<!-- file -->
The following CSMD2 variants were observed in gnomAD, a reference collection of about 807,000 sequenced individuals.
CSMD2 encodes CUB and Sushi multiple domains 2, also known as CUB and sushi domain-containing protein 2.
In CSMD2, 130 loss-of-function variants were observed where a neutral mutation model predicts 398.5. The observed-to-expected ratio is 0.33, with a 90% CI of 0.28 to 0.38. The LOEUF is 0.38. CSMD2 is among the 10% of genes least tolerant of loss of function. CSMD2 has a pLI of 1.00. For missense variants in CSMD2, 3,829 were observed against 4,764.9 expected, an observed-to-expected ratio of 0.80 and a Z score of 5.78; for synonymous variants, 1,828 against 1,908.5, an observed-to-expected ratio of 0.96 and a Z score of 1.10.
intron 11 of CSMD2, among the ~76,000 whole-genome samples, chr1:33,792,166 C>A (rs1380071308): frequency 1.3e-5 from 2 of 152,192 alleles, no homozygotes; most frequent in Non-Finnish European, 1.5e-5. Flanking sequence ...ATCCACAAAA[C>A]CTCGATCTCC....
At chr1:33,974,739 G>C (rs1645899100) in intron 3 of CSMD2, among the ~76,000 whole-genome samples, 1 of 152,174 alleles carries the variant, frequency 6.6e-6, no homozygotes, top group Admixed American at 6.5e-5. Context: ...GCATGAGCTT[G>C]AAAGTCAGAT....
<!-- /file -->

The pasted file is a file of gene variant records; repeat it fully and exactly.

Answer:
The following CSMD2 variants were observed in gnomAD, a reference collection of about 807,000 sequenced individuals.
CSMD2 encodes CUB and Sushi multiple domains 2, also known as CUB and sushi domain-containing protein 2.
In CSMD2, 130 loss-of-function variants were observed where a neutral mutation model predicts 398.5. The observed-to-expected ratio is 0.33, with a 90% CI of 0.28 to 0.38. The LOEUF is 0.38. CSMD2 is among the 10% of genes least tolerant of loss of function. CSMD2 has a pLI of 1.00. For missense variants in CSMD2, 3,829 were observed against 4,764.9 expected, an observed-to-expected ratio of 0.80 and a Z score of 5.78; for synonymous variants, 1,828 against 1,908.5, an observed-to-expected ratio of 0.96 and a Z score of 1.10.
intron 11 of CSMD2, among the ~76,000 whole-genome samples, chr1:33,792,166 C>A (rs1380071308): frequency 1.3e-5 from 2 of 152,192 alleles, no homozygotes; most frequent in Non-Finnish European, 1.5e-5. Flanking sequence ...ATCCACAAAA[C>A]CTCGATCTCC....
At chr1:33,974,739 G>C (rs1645899100) in intron 3 of CSMD2, among the ~76,000 whole-genome samples, 1 of 152,174 alleles carries the variant, frequency 6.6e-6, no homozygotes, top group Admixed American at 6.5e-5. Context: ...GCATGAGCTT[G>C]AAAGTCAGAT....